How does water work with partial occupancy terrain

I have been searching everywhere for the last few days about this, and can’t seem to find any answer. Using smooth terrain, when reading voxels, and writing voxels, how do I handle terrain that has both water and terrain? Is there such a thing? From what I can tell, reading voxels, I only get a material of terrain for partially filled terrain cells when under water. So what determines the ‘water’ part of this? Is it just calculated by the engine somehow? Would I need to set a cell with water first, then set it with a partial occupancy material?

Any links to information on this or any understanding would be greatly appreciated.



I’m about 90% sure that each cell is either one material or another - it can’t be multiple. My understanding is that the offsetting and stuff that smooths terrain out is only rendered (i.e. cells only look like they’re not actually cells), and not treated like that in scripts or behind the scenes. There’s every chance I’m entirely wrong, however. (Edit: I forgot physics was a thing.)

Anecdotal evidence: I’ve generated a lot of hills, and noticed that unless I introduce artificial noise, they come out nice and smooth. However, water next to another material with a curved border between the two gives somewhat jagged edges. The last time I used water in procedural terrain generation was a while ago, however.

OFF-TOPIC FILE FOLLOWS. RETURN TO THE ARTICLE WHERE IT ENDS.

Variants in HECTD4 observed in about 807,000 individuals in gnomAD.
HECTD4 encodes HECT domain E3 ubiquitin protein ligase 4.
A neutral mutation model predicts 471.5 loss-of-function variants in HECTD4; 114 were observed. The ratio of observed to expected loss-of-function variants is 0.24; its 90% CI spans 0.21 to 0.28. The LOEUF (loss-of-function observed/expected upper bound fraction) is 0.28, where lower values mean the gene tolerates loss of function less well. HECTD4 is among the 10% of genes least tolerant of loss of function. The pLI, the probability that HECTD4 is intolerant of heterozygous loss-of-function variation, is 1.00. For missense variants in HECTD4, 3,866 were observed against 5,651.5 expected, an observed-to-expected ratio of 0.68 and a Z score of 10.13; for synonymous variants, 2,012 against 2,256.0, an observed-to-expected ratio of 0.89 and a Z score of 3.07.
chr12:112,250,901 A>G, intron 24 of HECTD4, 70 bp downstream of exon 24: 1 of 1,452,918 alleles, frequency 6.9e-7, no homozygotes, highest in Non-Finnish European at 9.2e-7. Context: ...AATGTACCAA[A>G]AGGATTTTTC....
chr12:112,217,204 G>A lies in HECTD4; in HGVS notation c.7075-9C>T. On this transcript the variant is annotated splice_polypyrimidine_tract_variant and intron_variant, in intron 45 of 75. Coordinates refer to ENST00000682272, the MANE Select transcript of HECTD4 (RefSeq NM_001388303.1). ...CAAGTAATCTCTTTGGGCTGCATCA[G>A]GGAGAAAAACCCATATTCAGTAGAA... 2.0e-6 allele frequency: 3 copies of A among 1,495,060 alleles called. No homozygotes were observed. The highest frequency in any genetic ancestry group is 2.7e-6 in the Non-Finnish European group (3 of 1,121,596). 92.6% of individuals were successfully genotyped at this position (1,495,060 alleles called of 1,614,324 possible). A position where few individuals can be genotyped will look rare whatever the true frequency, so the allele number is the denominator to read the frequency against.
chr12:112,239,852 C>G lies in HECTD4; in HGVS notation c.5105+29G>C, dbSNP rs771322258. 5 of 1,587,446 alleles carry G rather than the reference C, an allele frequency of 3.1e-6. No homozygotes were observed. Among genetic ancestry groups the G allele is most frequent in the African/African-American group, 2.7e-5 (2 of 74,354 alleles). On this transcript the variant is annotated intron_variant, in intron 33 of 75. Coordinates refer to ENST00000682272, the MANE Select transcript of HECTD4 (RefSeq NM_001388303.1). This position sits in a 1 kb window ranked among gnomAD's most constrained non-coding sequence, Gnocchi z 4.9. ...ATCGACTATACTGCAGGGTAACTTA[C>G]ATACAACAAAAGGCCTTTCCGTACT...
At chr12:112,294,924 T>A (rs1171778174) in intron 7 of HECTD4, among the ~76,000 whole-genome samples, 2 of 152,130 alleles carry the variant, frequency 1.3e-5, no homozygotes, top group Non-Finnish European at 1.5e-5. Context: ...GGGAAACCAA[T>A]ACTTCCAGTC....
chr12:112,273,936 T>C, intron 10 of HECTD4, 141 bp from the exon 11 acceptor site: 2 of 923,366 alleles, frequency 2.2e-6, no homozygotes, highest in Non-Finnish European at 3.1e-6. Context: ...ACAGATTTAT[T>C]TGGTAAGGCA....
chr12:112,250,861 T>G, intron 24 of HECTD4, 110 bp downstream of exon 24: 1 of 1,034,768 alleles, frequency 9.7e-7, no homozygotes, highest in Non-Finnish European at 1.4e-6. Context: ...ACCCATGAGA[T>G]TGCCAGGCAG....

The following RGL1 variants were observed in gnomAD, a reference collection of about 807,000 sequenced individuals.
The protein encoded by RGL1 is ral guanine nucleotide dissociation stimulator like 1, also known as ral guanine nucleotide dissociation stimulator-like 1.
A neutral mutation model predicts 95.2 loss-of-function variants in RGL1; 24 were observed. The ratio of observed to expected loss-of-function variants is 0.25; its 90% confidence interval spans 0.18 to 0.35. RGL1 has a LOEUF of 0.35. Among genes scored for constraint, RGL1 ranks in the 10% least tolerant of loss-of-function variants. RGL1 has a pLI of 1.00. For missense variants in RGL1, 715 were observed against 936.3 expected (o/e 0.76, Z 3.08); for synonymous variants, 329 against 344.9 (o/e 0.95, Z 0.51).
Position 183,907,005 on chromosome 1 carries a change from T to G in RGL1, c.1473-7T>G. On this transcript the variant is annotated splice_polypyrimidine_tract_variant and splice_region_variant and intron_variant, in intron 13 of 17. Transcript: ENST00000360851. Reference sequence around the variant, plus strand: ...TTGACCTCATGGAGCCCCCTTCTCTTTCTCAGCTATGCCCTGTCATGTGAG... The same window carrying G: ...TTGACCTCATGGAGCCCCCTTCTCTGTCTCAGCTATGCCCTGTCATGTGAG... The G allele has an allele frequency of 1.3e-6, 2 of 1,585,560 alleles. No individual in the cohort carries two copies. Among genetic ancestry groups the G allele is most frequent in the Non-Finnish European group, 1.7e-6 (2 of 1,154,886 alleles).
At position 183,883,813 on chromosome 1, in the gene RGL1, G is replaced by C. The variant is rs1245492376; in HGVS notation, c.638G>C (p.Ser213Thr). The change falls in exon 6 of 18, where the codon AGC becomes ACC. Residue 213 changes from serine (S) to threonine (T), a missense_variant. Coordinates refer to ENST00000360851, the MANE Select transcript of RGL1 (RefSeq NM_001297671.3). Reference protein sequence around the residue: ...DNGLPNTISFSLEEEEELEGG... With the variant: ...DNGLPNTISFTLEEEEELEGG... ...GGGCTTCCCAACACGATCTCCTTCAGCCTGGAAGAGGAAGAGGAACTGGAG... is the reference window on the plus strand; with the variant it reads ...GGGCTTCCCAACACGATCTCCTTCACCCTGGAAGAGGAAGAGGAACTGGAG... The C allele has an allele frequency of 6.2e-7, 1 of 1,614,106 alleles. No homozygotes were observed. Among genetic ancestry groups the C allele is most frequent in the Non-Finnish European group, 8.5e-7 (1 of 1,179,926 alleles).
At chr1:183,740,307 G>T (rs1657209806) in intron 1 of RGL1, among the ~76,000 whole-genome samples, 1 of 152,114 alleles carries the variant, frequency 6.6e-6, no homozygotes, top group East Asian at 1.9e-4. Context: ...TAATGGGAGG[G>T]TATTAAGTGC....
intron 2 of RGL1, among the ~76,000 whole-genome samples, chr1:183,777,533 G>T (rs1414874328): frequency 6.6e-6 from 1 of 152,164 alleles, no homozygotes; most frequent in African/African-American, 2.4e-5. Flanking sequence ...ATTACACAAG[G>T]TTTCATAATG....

Cells are treated smoothly for physics too. Each cell has an occupancy, and the occupancy determines how full it will be for the rendering and physics engines.

All terrain cells can be only one material. If you have a low-occupancy non-water cell near water cells, the water will “take up” some of the “non-water cell’s space.” In other words, the non-water cell will become partially water. Water, essentially, expands to fill and touch surrounding cells for both rendering and physics purposes.

Similarly, sometimes a non-water material can expand out of its cell too. In this case, you can have a water cell with some non-water material in it.

To detect this, you would have to check the cell you want to check and all adjacent cells.

It’s calculated by the engine, which I described above.

If you want a cell to be “partially water” and “partially” some other material then you will need two cells – one filled with water and one filled with non-water. Depending on the material you choose and the occupancies of the cells, either the water cell or the non-water cell will become have both materials in it.


I don’t know if it will be useful for you, but zeuxcg made 2 blog articles that go in-depth Smooth Terrain:


Thanks so much for all the really good answers, Corecii stated what I was needing to know, that water in an adjacent cell will ‘fill’ the gap of a non 1 occupancy neighbor. However, Veldaren, those articles show that in a more visual and gives me something to read over in depth, so thank you both for the help, it is much appreciated.

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